Bubble trouble

The financial crisis was caused in part by an enormous bubble in the credit markets. Where will the next bubble arise?
Commercial awareness
Politics and economics

There are two major imbalances in the world economy. The first is that we consume too much in the West, relative to our output. So much so that we are borrowing from the East to enable our consumption. The second is the "greying world" phenomenon; as the world gets older there are more and more people who are saving for their old age, and fewer young borrowers.

The financial crisis was caused by an excessive supply of credit and too few quality borrowers (both companies and individuals). As a consequence, elaborate off-balance sheet tools were created to provide credit to unsuitable borrowers and spread the risk to all types of investors.

Although it seems that lessons have been learnt from this crisis, questions are being asked as to where the next bubble will be in the UK.

*Sovereign debt *

Until recently demand for UK gilts (called gilt-edged because of the government's ability to meet payments by taxing the populace) has been robust, keeping prices high despite quantitative easing. Fearful of risk, investors have accepted low yields and high bond prices. However this fear has started to abate as other asset classes ride up on cheap funding (low interest rates) from government securities. Watch out for long-term investors getting hurt as prices decline when inflation fears and interest rate hikes are realised.

Bubble rating: 3/5


The days of easy credit won't return to these shores for some time. Much tighter lending criteria, stronger regulatory controls and higher interest rates will keep a lid on credit lending, although high yields will persevere for those in the business of lending to desperate borrowers.

Bubble rating: 1/5


Sterling is falling, reflecting the long term view on the economy. With low interest rates at home, carry trades (which borrow in the UK to invest abroad in higher yielding currencies) have become popular and helped its decline. A weaker pound should help boost exports leading in turn to job creation. However Japan's recent history provides a warning. During the 1990s Japan saw low interest rates combined with deflation. Things only got worse when the US lowered interest rates: the carry trade reversed and made Japanese exports expensive. This led to a large decline in Japan's GDP. Could we yet see that happen here? Interest rates would have to rise at some point. If this happened and one of our major trading partners kept interest rates the same, sterling would strengthen and hurt the competitiveness of our exports.

Bubble rating: 3/5

*Commodities *

The UK has little influence on commodity prices, being a price taker on the world stage. With North Sea oil depleting, we will become increasingly dependant on foreign hyrdrocarbons, leaving the UK vulnerable to price fluctuations in the commodity markets. Once world demand normalises, commodity prices should rise in any case due to all the easy money being printed by central banks worldwide and growing energy demands from Asia. There may well be mini-bubbles as new price levels are determined. Off-setting this is the focus on green clean energy which, if economical, could move energy demands from traditional sources.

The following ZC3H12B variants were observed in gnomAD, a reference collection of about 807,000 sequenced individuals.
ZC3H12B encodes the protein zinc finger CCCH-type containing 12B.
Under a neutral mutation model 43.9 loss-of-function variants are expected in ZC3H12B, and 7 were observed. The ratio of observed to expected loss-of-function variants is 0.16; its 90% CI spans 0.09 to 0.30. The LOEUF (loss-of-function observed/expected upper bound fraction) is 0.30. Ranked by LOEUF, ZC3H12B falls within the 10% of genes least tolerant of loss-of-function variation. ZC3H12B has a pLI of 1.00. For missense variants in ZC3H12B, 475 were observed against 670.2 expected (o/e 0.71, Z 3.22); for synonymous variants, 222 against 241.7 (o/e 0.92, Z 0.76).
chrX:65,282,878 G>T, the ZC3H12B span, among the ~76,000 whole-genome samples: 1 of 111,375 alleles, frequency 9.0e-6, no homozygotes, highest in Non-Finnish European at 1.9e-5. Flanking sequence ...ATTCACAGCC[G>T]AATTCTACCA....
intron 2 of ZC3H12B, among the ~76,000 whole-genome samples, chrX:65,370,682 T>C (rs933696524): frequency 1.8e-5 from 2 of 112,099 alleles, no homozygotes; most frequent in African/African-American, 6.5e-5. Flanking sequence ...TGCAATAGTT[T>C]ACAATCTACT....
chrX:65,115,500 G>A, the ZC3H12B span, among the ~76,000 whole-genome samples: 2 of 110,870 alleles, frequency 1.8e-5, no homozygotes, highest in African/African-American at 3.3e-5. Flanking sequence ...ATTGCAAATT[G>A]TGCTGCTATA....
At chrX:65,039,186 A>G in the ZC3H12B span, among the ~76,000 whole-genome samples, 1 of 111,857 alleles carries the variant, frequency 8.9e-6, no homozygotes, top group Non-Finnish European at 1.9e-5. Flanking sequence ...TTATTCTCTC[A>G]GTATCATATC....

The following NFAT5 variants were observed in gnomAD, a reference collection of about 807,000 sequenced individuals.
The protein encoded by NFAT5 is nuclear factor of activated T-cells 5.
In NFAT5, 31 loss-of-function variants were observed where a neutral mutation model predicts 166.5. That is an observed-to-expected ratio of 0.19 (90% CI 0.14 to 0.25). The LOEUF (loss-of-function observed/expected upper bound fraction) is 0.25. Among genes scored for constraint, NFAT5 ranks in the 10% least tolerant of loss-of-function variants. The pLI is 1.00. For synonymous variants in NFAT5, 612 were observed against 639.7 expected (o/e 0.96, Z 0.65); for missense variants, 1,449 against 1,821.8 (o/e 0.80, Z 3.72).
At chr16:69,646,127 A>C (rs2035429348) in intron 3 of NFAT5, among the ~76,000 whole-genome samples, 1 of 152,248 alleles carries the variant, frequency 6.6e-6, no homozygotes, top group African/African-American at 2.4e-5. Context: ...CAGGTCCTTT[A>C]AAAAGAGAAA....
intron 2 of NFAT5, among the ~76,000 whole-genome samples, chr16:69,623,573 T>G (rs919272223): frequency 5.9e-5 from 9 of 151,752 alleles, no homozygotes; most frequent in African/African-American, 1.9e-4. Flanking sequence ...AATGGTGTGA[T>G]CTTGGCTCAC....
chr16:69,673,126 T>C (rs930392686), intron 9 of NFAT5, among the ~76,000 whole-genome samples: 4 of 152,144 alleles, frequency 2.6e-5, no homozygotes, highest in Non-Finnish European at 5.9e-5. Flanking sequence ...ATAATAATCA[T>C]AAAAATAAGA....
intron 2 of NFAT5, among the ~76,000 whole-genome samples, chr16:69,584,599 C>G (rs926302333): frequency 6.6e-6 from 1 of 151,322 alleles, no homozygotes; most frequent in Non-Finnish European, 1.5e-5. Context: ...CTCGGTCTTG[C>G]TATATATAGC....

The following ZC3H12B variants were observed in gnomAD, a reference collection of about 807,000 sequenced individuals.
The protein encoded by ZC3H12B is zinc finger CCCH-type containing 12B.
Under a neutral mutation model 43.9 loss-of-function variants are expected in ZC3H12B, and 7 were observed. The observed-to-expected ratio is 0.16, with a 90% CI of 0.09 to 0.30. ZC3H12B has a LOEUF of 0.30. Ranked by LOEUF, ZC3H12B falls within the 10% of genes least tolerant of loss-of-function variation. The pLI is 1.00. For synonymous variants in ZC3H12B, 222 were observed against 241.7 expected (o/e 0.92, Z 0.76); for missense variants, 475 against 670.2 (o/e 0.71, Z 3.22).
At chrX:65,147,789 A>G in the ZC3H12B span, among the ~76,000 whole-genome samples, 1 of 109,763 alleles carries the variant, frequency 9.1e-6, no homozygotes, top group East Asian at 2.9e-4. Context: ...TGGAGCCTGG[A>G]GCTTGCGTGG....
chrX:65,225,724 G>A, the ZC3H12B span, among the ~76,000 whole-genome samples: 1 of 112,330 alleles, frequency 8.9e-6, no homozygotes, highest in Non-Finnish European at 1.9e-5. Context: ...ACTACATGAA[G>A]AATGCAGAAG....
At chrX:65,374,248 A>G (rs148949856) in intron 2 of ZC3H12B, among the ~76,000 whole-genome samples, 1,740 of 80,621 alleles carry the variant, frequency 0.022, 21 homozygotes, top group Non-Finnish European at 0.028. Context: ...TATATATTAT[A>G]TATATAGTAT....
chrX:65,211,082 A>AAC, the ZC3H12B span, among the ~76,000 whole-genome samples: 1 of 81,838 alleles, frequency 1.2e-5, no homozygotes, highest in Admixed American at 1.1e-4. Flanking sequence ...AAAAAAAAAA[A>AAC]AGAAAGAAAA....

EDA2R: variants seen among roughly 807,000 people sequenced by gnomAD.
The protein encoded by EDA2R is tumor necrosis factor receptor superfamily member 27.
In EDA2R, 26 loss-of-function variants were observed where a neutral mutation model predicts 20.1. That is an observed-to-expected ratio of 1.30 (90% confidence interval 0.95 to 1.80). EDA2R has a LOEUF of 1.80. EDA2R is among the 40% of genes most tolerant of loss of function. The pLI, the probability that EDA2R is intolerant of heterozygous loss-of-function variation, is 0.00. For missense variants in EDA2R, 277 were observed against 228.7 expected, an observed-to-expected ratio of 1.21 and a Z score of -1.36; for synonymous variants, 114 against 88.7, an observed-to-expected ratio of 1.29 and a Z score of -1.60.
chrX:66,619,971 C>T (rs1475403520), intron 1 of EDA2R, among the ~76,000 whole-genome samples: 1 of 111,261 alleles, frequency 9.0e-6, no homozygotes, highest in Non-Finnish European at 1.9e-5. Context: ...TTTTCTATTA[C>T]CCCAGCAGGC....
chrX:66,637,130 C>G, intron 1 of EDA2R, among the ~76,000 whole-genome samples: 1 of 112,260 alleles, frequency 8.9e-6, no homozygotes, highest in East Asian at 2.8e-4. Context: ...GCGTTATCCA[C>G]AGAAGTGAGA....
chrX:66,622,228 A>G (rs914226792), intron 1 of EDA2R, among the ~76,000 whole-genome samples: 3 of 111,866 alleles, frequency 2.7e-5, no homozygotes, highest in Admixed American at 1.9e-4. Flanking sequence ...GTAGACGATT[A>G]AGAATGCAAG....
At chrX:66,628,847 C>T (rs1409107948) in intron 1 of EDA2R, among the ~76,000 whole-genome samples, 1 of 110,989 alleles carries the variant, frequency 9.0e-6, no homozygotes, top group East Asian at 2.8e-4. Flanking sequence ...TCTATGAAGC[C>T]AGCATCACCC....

Bubble rating: 3/5


A curious feature of the FTSE 100 is that only 20 per cent of its revenue is generated in sterling. This helps corporate earnings as other currencies strengthen against the pound. A weaker domestic economy could be offset by growth in foreign earnings. If UK corporate earnings can pass on inflation costs to consumers, there could be bumper returns. The danger is what happens if the pound strengthens.

Bubble rating: 2/5


Discredited by many as an asset class (rises having been fuelled by access to cheap credit), values are likely to deteriorate for some time. Low interest rates and reasonable rent levels (kept up by a shift of would-be homeowners becoming tenants) have stopped a collapse in the price of property. If interest rates rise and UK consumers remain debt-laden, we can expect the property market to decline severely. The two possible supports - at least in the home counties - are the continued attractiveness of London as a base for migrant labour (providing a ready supply of tenants) and the weak pound, which allows foreigners to invest cheaply in UK real estate. However, it is unlikely that we will see a bubble in real estate for some time.

Bubble rating: 1/5


Over the counter (private agreements between corporates and banks) derivative products are still largely unregulated and present the greatest threat to creating the next bubble. As a risk transfer mechanism they are efficient, but the danger is that strategies can be employed to take risk off the balance sheet until it suddenly (and catastrophically) reappears at a later date, as happened with AIG. The firm sold insurance on loans which materialised and sent the company bust overnight. There has been a lot of talk of using derivatives to share risk in pension products. There could be a bubble if the market for this picks up.

Bubble rating: 4/5

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